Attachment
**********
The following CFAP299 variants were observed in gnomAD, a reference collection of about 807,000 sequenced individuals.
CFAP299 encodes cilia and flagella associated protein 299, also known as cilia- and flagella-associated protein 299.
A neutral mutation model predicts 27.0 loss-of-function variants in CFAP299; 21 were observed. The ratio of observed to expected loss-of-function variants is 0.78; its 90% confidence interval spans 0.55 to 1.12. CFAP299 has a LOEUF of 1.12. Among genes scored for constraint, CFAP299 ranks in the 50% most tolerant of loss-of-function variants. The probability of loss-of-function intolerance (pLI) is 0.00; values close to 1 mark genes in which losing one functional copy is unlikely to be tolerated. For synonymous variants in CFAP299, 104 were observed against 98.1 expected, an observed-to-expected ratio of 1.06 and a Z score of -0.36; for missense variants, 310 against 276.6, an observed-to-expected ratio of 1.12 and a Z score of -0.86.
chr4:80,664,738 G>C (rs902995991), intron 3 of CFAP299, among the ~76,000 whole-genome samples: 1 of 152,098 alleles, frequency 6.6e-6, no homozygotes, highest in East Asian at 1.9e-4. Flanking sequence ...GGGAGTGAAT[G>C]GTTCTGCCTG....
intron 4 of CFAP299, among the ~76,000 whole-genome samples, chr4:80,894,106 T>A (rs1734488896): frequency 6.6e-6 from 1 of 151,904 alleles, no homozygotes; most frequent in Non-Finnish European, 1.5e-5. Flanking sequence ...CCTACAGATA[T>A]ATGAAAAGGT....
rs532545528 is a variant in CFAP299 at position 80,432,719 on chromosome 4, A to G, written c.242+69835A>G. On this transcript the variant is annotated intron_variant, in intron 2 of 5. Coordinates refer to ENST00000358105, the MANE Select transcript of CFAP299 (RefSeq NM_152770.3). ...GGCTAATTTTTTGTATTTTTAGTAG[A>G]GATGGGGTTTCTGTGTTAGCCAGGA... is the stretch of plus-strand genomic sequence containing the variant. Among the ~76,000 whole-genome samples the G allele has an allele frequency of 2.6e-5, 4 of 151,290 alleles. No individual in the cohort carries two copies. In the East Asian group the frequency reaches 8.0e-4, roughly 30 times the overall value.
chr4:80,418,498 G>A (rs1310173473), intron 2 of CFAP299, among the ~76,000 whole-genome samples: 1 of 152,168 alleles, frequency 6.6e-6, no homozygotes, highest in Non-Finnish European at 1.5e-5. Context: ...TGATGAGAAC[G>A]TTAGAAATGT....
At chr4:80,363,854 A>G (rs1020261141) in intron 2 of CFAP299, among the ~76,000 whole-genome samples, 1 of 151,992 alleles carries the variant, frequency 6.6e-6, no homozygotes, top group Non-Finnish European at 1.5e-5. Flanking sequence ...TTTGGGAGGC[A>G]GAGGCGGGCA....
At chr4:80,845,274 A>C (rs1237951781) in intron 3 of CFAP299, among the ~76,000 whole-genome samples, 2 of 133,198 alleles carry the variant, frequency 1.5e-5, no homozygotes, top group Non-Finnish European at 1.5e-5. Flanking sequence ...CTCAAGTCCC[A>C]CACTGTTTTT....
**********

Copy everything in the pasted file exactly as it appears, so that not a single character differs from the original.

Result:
The following CFAP299 variants were observed in gnomAD, a reference collection of about 807,000 sequenced individuals.
CFAP299 encodes cilia and flagella associated protein 299, also known as cilia- and flagella-associated protein 299.
A neutral mutation model predicts 27.0 loss-of-function variants in CFAP299; 21 were observed. The ratio of observed to expected loss-of-function variants is 0.78; its 90% confidence interval spans 0.55 to 1.12. CFAP299 has a LOEUF of 1.12. Among genes scored for constraint, CFAP299 ranks in the 50% most tolerant of loss-of-function variants. The probability of loss-of-function intolerance (pLI) is 0.00; values close to 1 mark genes in which losing one functional copy is unlikely to be tolerated. For synonymous variants in CFAP299, 104 were observed against 98.1 expected, an observed-to-expected ratio of 1.06 and a Z score of -0.36; for missense variants, 310 against 276.6, an observed-to-expected ratio of 1.12 and a Z score of -0.86.
chr4:80,664,738 G>C (rs902995991), intron 3 of CFAP299, among the ~76,000 whole-genome samples: 1 of 152,098 alleles, frequency 6.6e-6, no homozygotes, highest in East Asian at 1.9e-4. Flanking sequence ...GGGAGTGAAT[G>C]GTTCTGCCTG....
intron 4 of CFAP299, among the ~76,000 whole-genome samples, chr4:80,894,106 T>A (rs1734488896): frequency 6.6e-6 from 1 of 151,904 alleles, no homozygotes; most frequent in Non-Finnish European, 1.5e-5. Flanking sequence ...CCTACAGATA[T>A]ATGAAAAGGT....
rs532545528 is a variant in CFAP299 at position 80,432,719 on chromosome 4, A to G, written c.242+69835A>G. On this transcript the variant is annotated intron_variant, in intron 2 of 5. Coordinates refer to ENST00000358105, the MANE Select transcript of CFAP299 (RefSeq NM_152770.3). ...GGCTAATTTTTTGTATTTTTAGTAG[A>G]GATGGGGTTTCTGTGTTAGCCAGGA... is the stretch of plus-strand genomic sequence containing the variant. Among the ~76,000 whole-genome samples the G allele has an allele frequency of 2.6e-5, 4 of 151,290 alleles. No individual in the cohort carries two copies. In the East Asian group the frequency reaches 8.0e-4, roughly 30 times the overall value.
chr4:80,418,498 G>A (rs1310173473), intron 2 of CFAP299, among the ~76,000 whole-genome samples: 1 of 152,168 alleles, frequency 6.6e-6, no homozygotes, highest in Non-Finnish European at 1.5e-5. Context: ...TGATGAGAAC[G>A]TTAGAAATGT....
At chr4:80,363,854 A>G (rs1020261141) in intron 2 of CFAP299, among the ~76,000 whole-genome samples, 1 of 151,992 alleles carries the variant, frequency 6.6e-6, no homozygotes, top group Non-Finnish European at 1.5e-5. Flanking sequence ...TTTGGGAGGC[A>G]GAGGCGGGCA....
At chr4:80,845,274 A>C (rs1237951781) in intron 3 of CFAP299, among the ~76,000 whole-genome samples, 2 of 133,198 alleles carry the variant, frequency 1.5e-5, no homozygotes, top group Non-Finnish European at 1.5e-5. Flanking sequence ...CTCAAGTCCC[A>C]CACTGTTTTT....